In a letter to the Earl of Dartmouth dated January 5, 1776, posted from Halifax, Callbeck reveals how, after his release, he had opted to hang back for three days and do some light reconnaissance, taking note of such matters as rebel fortifications, troop strength, morale, provisions, arms, and prime landing zones for British offensives. It was a pattern he then continually performed for the duration of his travels through rebel territory. He even had the gall to strike up casual conversations and glean a few hearsay details along the way. How he managed to do any of it without raising suspicion is a bit befuddling, and he offered no explanation. Perhaps he passed himself off as a rebel, or a supporter of the cause. Perhaps he was just a really suave, disarming, charismatic guy. But we’re not likely to ever find out.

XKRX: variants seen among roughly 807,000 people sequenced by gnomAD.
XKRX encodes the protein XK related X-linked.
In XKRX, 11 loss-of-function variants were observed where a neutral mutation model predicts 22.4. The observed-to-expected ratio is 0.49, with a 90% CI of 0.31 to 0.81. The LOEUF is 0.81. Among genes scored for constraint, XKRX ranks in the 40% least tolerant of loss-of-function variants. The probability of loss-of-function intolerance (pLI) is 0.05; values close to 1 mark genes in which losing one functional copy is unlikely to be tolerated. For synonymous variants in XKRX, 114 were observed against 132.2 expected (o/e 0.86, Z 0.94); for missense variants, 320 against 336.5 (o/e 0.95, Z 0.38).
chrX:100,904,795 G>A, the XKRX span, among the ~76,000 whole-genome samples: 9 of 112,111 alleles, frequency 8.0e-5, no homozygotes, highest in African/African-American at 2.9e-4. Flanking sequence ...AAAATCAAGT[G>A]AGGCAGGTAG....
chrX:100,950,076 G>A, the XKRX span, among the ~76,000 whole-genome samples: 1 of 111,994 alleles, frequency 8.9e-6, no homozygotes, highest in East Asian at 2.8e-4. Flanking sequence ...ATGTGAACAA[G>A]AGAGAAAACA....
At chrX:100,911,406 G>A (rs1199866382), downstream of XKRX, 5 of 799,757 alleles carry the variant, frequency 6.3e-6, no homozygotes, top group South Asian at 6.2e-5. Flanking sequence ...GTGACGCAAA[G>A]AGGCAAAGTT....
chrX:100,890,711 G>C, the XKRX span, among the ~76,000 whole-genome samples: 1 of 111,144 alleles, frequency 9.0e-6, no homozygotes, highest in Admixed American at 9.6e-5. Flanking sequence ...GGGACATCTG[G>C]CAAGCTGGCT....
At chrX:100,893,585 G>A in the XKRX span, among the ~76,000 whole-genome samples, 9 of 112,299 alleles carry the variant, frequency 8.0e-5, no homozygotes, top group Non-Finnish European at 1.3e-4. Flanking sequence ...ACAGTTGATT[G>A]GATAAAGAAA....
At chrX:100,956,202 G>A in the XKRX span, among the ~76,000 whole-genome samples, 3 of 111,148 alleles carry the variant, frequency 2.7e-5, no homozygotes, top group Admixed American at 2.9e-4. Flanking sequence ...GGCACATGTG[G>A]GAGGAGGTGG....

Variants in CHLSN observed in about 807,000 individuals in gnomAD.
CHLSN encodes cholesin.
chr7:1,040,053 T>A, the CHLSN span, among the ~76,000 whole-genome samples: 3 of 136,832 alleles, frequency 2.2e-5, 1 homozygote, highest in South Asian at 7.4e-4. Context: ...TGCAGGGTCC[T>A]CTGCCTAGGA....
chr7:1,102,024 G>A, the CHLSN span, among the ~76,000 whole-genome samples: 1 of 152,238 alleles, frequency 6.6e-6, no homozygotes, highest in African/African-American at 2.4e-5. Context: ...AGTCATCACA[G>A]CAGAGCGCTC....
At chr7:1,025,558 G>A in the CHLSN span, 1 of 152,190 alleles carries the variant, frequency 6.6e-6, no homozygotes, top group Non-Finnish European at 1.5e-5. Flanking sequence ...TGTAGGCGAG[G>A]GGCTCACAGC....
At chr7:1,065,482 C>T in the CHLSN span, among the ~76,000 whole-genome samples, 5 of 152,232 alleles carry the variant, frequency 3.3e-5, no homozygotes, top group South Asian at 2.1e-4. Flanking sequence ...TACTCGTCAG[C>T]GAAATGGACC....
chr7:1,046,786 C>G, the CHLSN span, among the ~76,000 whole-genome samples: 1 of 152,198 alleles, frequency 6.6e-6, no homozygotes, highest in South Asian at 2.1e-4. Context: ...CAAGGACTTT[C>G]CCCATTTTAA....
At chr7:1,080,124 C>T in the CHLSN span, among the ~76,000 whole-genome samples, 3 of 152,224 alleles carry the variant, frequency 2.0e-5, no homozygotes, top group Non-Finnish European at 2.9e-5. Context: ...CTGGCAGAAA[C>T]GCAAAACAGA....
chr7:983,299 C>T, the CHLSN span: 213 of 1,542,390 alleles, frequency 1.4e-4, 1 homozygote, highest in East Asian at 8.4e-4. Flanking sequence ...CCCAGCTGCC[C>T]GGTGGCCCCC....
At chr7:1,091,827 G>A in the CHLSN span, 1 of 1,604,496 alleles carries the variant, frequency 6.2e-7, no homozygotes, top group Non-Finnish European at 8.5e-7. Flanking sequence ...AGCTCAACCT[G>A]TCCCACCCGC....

It all begs the question: Did the higher-ups take any of this intelligence into consideration?Or was it information with which they were already familiar? It would be an interesting angle to research. Whatever the case, it didn’t land Callbeck a posh governorship in a warm climate. It didn’t get him much of anything, really.

Once the winter of 1776 receded, Callbeck was able to make his way back to the Island, and to a state of normalcy. Thankfully, there had been no more raids during his absence, but the whole experience had been one giant reality check. Something had to give – who knew when the next such instance might occur? As luck would have it, Callbeck had already begun to grease the wheels of what would become arguably his greatest contribution.